Jim Stynes in the ruck

Jim Stynes – 23 April 1966 – 20 March 2012

Nigel Dawe

AS the years go by it gets harder to accept that Jim Stynes is gone, doubly so that it has now been 12-years exactly since this shining light, if not absolute shooting star of an individual passed away, decades too soon – we all might add.

Akin to one of my favourite literary heroes, Albert Camus, who like Jim, died in his mid-40s, you have to wonder what wonderful things were still in store, not just for them as individuals, but for all who knew and loved them, albeit directly benefited from what they did so selflessly, and prodigiously.

But there’s the rub, and as the old saying goes, “It’s not the years in your life, it’s the life in your years” and what Jim managed to pack into his allotment of ‘annual grants’, fully amounts to the grand sum of at least 10 people.

As the Algerian-born Camus (who also made a name for himself in a distant land) once said, which could aptly encapsulate Jim’s own approach to life, “Everything which is alive is ours. All we need to do to become conscious of our task is to open our eyes…What we are, what we have to be, are enough to fill our lives and occupy our strength.”

To say that Jim was a hero of mine is an absolute understatement, and as such, it’s an incredible accompaniment, if not ‘feature’ of my own life that his run of consecutive first grade games for Melbourne kicked off when I was in year 5 of primary school in 1987, and came to an end in my fourth year of university, 11 years later. It’s still mind-boggling to think that he was a playing member of the team I barracked for in every match throughout this period, or 244-games to be precise, an AFL record that will surely never be beaten.

From the start of his career, Jim was a favourite of mine (I was also a ruckman for the teams I played in as a junior) his passion, aggression and approach to the game was something that truly inspired me, and when he won his Brownlow Medal in 1991, I didn’t sleep for a whole week afterwards, I was that excited. To think he’d never picked up an AFL ball until he was 18, and then went on to win the game’s highest award 7-years later, isn’t just an improbable case of ‘selling ice to the eskimos’, it’s more a case of creating a 10-metre-high ice sculpture with a pair of tweezers, in the middle of the Sahara Desert!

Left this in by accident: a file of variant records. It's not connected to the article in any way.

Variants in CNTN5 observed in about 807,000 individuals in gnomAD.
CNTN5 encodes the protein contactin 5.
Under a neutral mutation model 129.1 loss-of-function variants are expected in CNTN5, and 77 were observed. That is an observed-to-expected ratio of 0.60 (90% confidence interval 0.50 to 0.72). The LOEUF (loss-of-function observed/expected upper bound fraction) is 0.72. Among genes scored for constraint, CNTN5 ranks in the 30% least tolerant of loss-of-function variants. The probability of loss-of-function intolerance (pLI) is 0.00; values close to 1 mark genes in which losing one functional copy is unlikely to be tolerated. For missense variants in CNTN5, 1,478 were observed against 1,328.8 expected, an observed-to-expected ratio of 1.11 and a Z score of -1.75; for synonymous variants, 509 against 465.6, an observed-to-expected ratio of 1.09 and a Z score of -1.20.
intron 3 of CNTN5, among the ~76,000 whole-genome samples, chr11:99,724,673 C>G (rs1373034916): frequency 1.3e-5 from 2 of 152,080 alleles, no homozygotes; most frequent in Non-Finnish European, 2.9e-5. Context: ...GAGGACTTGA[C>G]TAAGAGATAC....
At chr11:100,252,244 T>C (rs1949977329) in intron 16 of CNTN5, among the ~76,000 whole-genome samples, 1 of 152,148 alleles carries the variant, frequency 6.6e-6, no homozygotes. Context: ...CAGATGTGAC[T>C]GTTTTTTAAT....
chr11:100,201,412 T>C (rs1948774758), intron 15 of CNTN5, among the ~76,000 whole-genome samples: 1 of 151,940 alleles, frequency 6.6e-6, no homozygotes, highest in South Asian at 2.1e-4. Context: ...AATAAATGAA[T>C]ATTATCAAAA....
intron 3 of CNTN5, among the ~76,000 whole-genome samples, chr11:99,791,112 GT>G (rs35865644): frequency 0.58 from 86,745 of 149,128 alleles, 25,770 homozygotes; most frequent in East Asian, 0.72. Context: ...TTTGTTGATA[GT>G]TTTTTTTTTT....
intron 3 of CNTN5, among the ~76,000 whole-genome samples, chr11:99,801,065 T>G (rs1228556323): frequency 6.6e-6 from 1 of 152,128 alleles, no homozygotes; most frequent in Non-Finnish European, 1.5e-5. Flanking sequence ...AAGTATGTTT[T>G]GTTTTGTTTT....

Not to mention ruckmen of this era were no lightweights, they all looked far more like menacing villains out of a Bond film. That was until Stynes changed ‘the face’ of this role in every sense; the fact he could run all day and not miss a beat, revolutionised not just the possibilities, but the expectation of what ruckmen ’could do’, right up to this very day. To see any of the modern-day ruckmen go about their business and ply their trade, is to see the pure, polished spectre of Stynes in each of their separate moves and manoeuvres.

One of my favourite memories of Jim Stynes (as a player) was ironically the 1988 Grand Final, a game remembered by most of us, for all the wrong reasons (having lost the match by a then record 90-odd points to Hawthorn). But Jim played his heart out that day, he was the clear best player for Melbourne by an Irish country mile; there’s just something about those that never take a backward step or refuse to submit, and it’s something you never quite see in full, until you observe someone still applying this approach, when all hope is lost.

As if I somehow knew from the beginning that Jim would go on to be not just a great of the Melbourne Football Club, but the entire game itself, I kept a folder of newspaper cuttings and magazine articles related to him. A folder I still dip into from time to time, to remind me of how being the best version of your own self requires giving all you have (and then some) to what you do, because as Jim well knew – it is the only way ‘to reach’ the land of your wildest dreams.

Relatedly, Jim’s fellow Dublin-born, Oscar Wilde once said, “The aim of life is self-development. To realise one’s nature perfectly – that is what each of us is here for.” And as if he were following Wilde’s directive to the very letter, Jim Stynes required only 45-years to perfect a nature so impressive and rare, that we may never see the likes of it again.

May you rest in peace Jim Stynes, and thank you for blessing our lives with the gifts you bestowed upon us, you will never be forgotten.